Richards, D. S., & Charlton, S. G. (2020). Forgotten or never consciously processed? A comparison of immediate and delayed recall of driving details. Transportation Research Interdisciplinary Perspectives, 6, 100149–100149. https://doi.org/10.1016/j.trip.2020.100149
Permanent Research Commons link: https://hdl.handle.net/10289/13701
After driving a familiar route, people often have a poor memory of the drive. To investigate how quickly people forget information from an everyday drive we asked participants (n = 38) to take a 20-min simulated drive on familiar local roads and after a delay, answer questions about what happened and what they saw at four locations. We questioned drivers either immediately (<1 s), 20 s or 45 s after driving through each location, or at the end of the drive. Recall accuracy remained high when drivers were questioned immediately and at delays of 20 s and 45 s, but was significantly poorer when drivers were questioned at the end of the drive. Recall accuracy for stopping at a location did not decrease regardless of delay. The results add to our knowledge about the role of attention and memory for highly practised and largely automatic skills, such as everyday driving.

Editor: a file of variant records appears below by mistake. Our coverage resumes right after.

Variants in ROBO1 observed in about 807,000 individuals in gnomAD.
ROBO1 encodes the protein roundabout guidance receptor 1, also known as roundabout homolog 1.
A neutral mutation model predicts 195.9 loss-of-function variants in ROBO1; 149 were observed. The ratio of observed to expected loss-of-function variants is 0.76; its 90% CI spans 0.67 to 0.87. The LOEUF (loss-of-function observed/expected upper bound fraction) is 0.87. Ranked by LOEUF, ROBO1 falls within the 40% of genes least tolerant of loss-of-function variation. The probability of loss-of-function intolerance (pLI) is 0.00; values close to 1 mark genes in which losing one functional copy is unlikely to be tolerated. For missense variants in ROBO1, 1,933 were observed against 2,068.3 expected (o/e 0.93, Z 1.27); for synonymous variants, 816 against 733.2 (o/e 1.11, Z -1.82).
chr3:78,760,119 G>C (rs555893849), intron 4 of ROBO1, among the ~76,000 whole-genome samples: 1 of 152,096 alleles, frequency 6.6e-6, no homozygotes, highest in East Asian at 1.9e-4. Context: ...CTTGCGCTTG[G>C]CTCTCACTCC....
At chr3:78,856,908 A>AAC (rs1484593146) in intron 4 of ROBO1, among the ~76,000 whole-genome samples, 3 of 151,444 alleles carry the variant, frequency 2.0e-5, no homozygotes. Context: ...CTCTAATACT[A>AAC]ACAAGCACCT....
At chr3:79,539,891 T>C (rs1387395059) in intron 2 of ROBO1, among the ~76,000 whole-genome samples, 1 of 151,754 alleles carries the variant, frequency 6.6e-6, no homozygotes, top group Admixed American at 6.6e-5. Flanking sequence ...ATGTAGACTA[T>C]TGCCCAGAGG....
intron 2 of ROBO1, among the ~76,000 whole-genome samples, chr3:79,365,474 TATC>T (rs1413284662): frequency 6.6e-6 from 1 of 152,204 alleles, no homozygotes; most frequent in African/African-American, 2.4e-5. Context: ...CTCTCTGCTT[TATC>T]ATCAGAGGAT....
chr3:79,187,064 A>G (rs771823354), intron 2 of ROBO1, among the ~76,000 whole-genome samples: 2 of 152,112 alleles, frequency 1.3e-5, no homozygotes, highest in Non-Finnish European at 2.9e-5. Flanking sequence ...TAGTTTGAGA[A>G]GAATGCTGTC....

© 2020 The Author(s). Published by Elsevier Ltd. This is an open access article under the CC BY-NC-ND license (http://creativecommons.org/licenses/by-nc-nd/ 4.0/).